Grosse Pointe: Two Hundred Years

Early years, waterworld…

Reading about the early settlers of Grosse Pointe and the lifestyles they led is a confusing experience. It feels so archaic, but in a way, it feels like very little has changed in the town. Of course, it is not the hunting and farming community it used to be. Most farms in the early day had water frontage, usually running back a mile. These houses all were heavily reliable on the water, for drinking, transportation, and irrigation. The houses ran near each other, but the lawns must have been enormous. It is still apparent on the mansions that line Lakeshore Drive, Grosse Pointe Shores’ (the wealthiest of the five boroughs in the town) lakefront drive along Lake St. Clair, but perhaps nowadays the length of these can more so be attributed to luxury and status.

The good with the bad…

While hunting and farming was at the forefront, fisheries were also understandably a huge part of the economy of the town before the Civil War. Some of the most famous names in Grosse Pointe can be traced back to these early economic fortunes, such as the Kerbys, who’s fishery brought them immeasurable wealth and influence within the local government. Kerby Elementary School bears the family’s name. The town was an integral part of Detroit’s economy as well, as these wealthy producers outside of the city would supply urban citizens with many foods, service, and vacation spots. The Civil War naturally interrupted much of this early peaceful affluence, with many local men being taken far from the safety of eastern Michigan. Despite this, the wealthiest settlers continued to hold on to the air of affluence and exclusivity that would define the town to this day.

Into the 19th century…

An early map of "Grosse Point," highlighting Lakeshore Drive and Lake St. Clair.

An early map of “Grosse Point,” highlighting Lakeshore Drive and Lake St. Clair.

By 1800, Grosse Pointe Park, one of the most populated areas of Grosse Pointe (the citizens of which make up the student body at Grosse Pointe South [rivals to my Grosse Pointe North]), was fully inhabited. Schools began to be constructed during the 1840s, with the first schools being named after the town’s first Protestant ministers, Reverend John Monteith and Father Gabriel Richard. Both schools stand to this day. The town’s wealth and economy flourished with the introduction of the steamboat in 1818, followed by the opening of the Erie Canal in 1825. Around this time, much of Michigan was being populated, and as new immigrants passed Grosse Pointe’s famous lighthouse (now part of the Grosse Pointe Shores Yacht Club), famers were also graced with them buying their fresh produce and fish.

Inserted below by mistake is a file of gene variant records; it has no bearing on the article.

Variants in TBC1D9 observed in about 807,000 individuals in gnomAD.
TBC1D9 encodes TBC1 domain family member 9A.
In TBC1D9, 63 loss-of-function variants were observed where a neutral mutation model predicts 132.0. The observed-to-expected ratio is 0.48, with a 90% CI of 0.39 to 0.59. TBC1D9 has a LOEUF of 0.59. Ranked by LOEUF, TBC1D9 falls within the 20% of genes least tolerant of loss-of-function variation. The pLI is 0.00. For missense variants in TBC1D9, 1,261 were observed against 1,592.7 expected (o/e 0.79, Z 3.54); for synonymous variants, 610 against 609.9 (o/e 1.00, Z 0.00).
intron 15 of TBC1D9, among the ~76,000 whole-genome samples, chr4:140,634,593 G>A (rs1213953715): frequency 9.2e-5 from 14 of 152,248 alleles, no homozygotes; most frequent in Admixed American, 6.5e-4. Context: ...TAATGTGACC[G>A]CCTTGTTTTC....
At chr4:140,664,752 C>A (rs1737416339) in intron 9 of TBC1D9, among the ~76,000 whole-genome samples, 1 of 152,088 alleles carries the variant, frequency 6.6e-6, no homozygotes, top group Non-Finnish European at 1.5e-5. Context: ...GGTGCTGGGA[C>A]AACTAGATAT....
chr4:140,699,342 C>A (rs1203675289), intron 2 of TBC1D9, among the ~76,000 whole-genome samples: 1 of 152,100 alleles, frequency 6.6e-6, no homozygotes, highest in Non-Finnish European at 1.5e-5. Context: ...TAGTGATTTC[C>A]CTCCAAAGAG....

Nearing the 20th century, Grosse Pointe had established itself as a popular summer vacation spot, thanks to the building of beautiful lakeside cottages. Daily ferries to and from Detroit allowed men to travel to the city to work while wives and children lounged by the safety of the lake. By the early 1900s, these summer cottages were replaced by large mansions, precursors to the ones that are present today. The village of Grosse Pointe Park was incorporated in 1907, and officially became a city in 1950.



Modernizing, and fast…

Well into the 20th century, Grosse Pointe was Detroit’s convenient summer resort. Bigger and better homes were constantly constructed, as the wealth from the city and the surrounding water allowed Grosse Pointe to blossom into the epicenter of affluence it is today. The “Elegant Eighties” gave way to the “Gay Nineties,” and an electric railway system allowed the city to become easily accessible to outsiders, soon the automobile and the construction of stellar roads transformed Grosse Pointe overnight from a small farming resort into a bustling suburb of an exponentially growing city.

Life around this time in Grosse Pointe was lackadaisical. Families spent large amounts of money on private yachts for transportation around the lake and entertainment. Many lounged on the sunny waters, and swimming, tennis, and biking became essential recreational activities. The Grosse Pointe Club (now Yacht Club), established in 1886, hosted lavish, exclusive parties.